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Public Speaking Class with Josh Constine

I recently had the chance to sit down in a small setting with Josh Constine, to learn about how to be a better public speaker and better moderator. I wrote notes voraciously, and wanted to share them with you:

a group of gas station members listening to josh talk

  • you sound slower than you think when you’re speaking, but still try to speak a bit slower
    • the slower you speak, the less filler words you use
    • you sound more dignified
    • your brain can keep up with the words you’re saying
  • use dynamic tone
    • emphasize words that matter
    • take pauses at end of sentences
  • finish your sentence” - make sure you come to the end of your sentence
  • ask questions with a finite ending

    • keeps speaker on edge
    • put the context at the start of the question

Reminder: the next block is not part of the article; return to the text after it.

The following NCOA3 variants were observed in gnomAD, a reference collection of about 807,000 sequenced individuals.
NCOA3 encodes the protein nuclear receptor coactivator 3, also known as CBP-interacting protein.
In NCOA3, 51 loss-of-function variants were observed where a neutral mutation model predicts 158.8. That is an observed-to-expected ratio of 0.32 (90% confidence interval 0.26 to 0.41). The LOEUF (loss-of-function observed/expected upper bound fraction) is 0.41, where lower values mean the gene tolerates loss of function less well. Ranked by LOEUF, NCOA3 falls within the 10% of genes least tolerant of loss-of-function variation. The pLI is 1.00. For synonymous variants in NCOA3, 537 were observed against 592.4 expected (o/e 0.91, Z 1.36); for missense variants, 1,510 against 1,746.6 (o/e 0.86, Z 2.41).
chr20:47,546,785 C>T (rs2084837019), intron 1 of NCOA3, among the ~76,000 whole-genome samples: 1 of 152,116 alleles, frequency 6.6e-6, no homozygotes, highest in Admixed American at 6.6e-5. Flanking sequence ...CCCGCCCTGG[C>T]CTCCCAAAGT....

“Web3 is growing big... how do you get speaking gigs?”

      instead of

      “how do you get speaking gigs? now that web3 is blowing up, there are more opportunities to find talks”

  • never answer for your panelist - if they don't answer right away, let them have the time / give them the space to think

    • it's not on you as the moderator, to rescue the speaker
  • as a speaker, keep the answer hard and specific to the question

    • do not dilute the speaker’s question
    • formulating good answers take time
  • small gestures on stage are actually really distracting → try and stay motionless

    • a little bit of gesture / posture change as a moderator is ok, but fidgeting is really noticeable
  • when you ask tough questions, be sure to ask in an empathetic tone

    • helps break down walls
  • as a panelist, have 3 points you want to keep going back to

    • prepare beforehand of what these three points will be - have a strategy
    • if you don’t know the answer to a question asked, you can lead back to these 3 points
    • 3 points is easy for an audience to remember
  • if you’re being interviewed - prepare the interviewer with points you want to talk about

    • helps shape the direction of the conversation
  • if you need a prompt / interview helper, do not use your phone

    • better to have an analog prompt (piece of paper, notebook, index card, etc) to help with answering question